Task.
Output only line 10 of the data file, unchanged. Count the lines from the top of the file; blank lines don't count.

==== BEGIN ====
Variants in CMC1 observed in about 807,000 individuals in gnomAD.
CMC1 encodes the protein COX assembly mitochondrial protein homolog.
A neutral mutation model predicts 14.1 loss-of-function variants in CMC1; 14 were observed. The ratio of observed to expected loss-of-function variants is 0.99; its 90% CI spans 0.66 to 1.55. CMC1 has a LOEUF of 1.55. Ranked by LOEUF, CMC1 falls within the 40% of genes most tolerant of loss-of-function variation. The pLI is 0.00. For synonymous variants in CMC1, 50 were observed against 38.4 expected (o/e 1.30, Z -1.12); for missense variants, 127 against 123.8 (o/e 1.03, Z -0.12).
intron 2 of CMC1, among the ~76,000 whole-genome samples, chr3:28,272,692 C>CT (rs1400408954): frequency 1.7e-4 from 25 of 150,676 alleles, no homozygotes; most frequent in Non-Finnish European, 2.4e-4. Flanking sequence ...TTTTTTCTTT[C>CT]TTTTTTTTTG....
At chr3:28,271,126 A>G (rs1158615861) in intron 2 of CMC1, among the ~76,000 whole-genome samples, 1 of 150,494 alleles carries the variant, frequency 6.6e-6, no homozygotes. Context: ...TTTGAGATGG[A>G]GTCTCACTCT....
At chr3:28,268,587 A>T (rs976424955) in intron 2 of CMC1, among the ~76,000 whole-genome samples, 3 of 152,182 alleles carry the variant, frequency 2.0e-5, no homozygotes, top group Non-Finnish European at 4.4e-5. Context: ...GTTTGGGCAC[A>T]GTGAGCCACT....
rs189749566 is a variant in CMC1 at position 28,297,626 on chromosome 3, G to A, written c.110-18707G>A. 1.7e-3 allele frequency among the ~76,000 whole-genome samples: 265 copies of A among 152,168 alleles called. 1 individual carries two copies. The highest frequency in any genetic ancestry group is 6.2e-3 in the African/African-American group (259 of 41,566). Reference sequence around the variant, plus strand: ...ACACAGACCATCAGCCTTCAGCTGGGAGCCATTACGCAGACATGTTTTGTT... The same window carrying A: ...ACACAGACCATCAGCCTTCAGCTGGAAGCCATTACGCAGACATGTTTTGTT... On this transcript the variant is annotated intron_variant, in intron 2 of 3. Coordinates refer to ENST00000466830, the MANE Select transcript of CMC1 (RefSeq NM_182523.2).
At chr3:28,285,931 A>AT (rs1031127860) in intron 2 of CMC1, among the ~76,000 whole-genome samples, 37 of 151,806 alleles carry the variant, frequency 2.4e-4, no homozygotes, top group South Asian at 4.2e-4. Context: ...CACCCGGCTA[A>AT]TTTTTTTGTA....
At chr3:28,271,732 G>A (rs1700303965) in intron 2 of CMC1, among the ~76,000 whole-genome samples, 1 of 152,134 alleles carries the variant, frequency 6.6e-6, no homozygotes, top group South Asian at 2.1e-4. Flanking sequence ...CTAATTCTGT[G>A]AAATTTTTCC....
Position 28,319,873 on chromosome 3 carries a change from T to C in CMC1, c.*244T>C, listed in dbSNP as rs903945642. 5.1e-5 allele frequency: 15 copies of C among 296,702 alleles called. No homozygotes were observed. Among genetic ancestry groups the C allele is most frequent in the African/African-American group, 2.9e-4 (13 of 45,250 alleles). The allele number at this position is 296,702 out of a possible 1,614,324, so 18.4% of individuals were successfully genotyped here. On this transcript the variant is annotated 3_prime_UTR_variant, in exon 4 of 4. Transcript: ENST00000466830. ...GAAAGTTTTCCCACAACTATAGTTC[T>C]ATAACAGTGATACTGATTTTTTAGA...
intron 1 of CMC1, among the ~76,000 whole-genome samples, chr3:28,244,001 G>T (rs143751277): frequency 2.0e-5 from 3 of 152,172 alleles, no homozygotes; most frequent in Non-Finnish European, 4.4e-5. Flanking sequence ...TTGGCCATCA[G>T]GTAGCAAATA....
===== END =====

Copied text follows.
Position 28,319,873 on chromosome 3 carries a change from T to C in CMC1, c.*244T>C, listed in dbSNP as rs903945642. 5.1e-5 allele frequency: 15 copies of C among 296,702 alleles called. No homozygotes were observed. Among genetic ancestry groups the C allele is most frequent in the African/African-American group, 2.9e-4 (13 of 45,250 alleles). The allele number at this position is 296,702 out of a possible 1,614,324, so 18.4% of individuals were successfully genotyped here. On this transcript the variant is annotated 3_prime_UTR_variant, in exon 4 of 4. Transcript: ENST00000466830. ...GAAAGTTTTCCCACAACTATAGTTC[T>C]ATAACAGTGATACTGATTTTTTAGA...